- Help prepare children for situations they may find frightening. Read a story about going to the dentist, or ask a firefighter to visit the school and allow children to handle the equipment while you stand nearby for reassurance.
- Try to determine the actual cause of the fear. The more you know (and the less you assume), the better able you'll be to help children work through their fears.
5 to 6: "Let's Get the Bad Guys!"
by Ellen Booth Church
It's a calm day in the classroom, but outside a storm is brewing. A huge clap of thunder startles the children! Some are truly frightened-shaking and crying. As Ms. Perrine responds with calm directions, reassurance, and hugs, the children settle in to watch the display.
Fearing the Unknown
In general, 5- and 6-year-olds are considerably less fearful than are 3- and 4-year-olds. However, kindergarten children can be scared of natural elements, such as fire, wind, and the dark. When children do not have a full understanding of the causes and effects of these elements, they can use their powerful 5- and 6-year-old minds to create both imaginary and real scenarios related to these fears.
During fear-inducing situations, children need your calm directions and reassurance. The best way to help children deal with these fears is to provide them with information. For example, ask children what they know about thunder. Then provide them with more information about what it is and how to deal with it.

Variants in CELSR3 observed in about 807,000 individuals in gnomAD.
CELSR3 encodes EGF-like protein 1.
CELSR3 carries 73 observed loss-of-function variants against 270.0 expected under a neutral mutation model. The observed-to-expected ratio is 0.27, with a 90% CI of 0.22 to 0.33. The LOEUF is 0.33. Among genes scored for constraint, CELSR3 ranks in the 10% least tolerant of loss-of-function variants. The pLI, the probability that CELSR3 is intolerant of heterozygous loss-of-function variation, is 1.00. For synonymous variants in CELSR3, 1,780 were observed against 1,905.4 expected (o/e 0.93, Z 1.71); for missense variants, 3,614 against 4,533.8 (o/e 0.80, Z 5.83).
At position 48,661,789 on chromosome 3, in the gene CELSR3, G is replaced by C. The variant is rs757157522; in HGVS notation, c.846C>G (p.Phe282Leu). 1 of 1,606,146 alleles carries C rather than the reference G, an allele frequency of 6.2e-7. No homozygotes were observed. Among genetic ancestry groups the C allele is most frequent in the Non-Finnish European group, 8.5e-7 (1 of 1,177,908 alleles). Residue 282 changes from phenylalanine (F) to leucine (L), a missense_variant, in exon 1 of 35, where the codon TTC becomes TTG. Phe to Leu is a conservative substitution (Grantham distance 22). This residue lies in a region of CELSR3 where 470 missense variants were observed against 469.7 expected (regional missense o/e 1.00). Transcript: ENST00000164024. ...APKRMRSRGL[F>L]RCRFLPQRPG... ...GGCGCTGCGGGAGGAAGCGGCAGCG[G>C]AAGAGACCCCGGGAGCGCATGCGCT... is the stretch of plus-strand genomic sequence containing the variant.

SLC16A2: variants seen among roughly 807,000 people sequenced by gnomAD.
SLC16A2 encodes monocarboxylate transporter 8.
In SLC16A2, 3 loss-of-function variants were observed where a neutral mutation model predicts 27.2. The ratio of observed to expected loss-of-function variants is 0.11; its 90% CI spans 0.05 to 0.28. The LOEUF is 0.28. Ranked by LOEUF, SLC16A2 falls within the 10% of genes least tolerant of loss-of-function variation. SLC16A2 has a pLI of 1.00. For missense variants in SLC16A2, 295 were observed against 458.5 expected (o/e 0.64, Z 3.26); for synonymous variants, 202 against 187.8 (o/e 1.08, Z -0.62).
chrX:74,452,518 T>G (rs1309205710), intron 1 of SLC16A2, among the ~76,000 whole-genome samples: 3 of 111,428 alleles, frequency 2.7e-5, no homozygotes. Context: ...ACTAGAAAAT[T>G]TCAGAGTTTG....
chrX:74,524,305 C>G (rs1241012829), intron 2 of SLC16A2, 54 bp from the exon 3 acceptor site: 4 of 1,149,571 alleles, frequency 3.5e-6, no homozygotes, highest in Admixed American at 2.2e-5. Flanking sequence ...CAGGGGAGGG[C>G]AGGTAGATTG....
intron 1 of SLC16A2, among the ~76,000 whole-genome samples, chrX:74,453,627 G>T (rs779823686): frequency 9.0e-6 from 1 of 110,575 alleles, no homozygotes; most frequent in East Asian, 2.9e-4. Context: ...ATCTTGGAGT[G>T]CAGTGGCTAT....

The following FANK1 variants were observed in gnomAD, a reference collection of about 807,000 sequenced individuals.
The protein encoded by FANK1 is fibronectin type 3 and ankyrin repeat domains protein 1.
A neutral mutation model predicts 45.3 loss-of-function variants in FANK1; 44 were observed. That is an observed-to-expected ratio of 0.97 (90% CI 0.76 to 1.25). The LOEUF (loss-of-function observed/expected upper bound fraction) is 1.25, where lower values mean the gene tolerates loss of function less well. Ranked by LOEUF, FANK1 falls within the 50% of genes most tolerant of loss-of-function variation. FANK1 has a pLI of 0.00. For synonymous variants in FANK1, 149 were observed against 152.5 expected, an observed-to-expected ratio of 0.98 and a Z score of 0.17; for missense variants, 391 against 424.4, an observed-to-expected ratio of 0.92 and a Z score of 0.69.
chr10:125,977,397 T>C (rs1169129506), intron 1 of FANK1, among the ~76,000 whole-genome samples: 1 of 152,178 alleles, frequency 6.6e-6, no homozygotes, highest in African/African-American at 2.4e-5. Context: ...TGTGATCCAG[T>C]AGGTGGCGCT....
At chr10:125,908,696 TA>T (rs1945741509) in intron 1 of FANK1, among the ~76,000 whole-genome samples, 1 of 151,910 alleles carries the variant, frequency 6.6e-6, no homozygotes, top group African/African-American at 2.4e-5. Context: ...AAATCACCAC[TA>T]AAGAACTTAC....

Managing Separation Issues
It is not unusual for 5-year-olds to still have fears about losing a parent. Separation issues that may or may not have occurred at the beginning of the school year may arise at the end of it. Children may become worried that their mom or dad won't pick them up or won't be there when they get home. They may even feel like they want to stay home instead of going to school. This is quite normal at this time of the year, and, with patience, it will pass quickly.
Children are at a stage of development when they may be worried about growing up and, instead, want to remain little! Often, this is related to the fear of going off to the "big" school and first grade. It is important to allow children to feel their fears, discuss them, and to even allow them to stay home for a day, if necessary. Children will quickly see that they are missing out on school experiences and friends.
Creating Pretend Scenarios
The 5- and 6-year-old years are a time when children become more aware of "bad people" in the world. Even if exposure to news, "action" TV, and movies is limited, children still hear about the violence in the world. These fears can become apparent to you when children come to school complaining of nightmares. They might also be surfacing when children engage in fighting with monsters and bad people during dramatic play. In kindergarten, superhero play can be a way for children to deal with these fears. Closely monitored dramatic play is a safe arena for children to "try on" these characteristics and work through fears.
What You Can Do:
- Talk, talk, talk. Fears can grow when they are not examined and expressed. Encourage children to talk about them. Tell them about a fear you had as a child.
- Include the study of commonly frightening natural events in your science units. The knowledge children gain about thunder, lightning, wind, etc., will help them deal with the fear.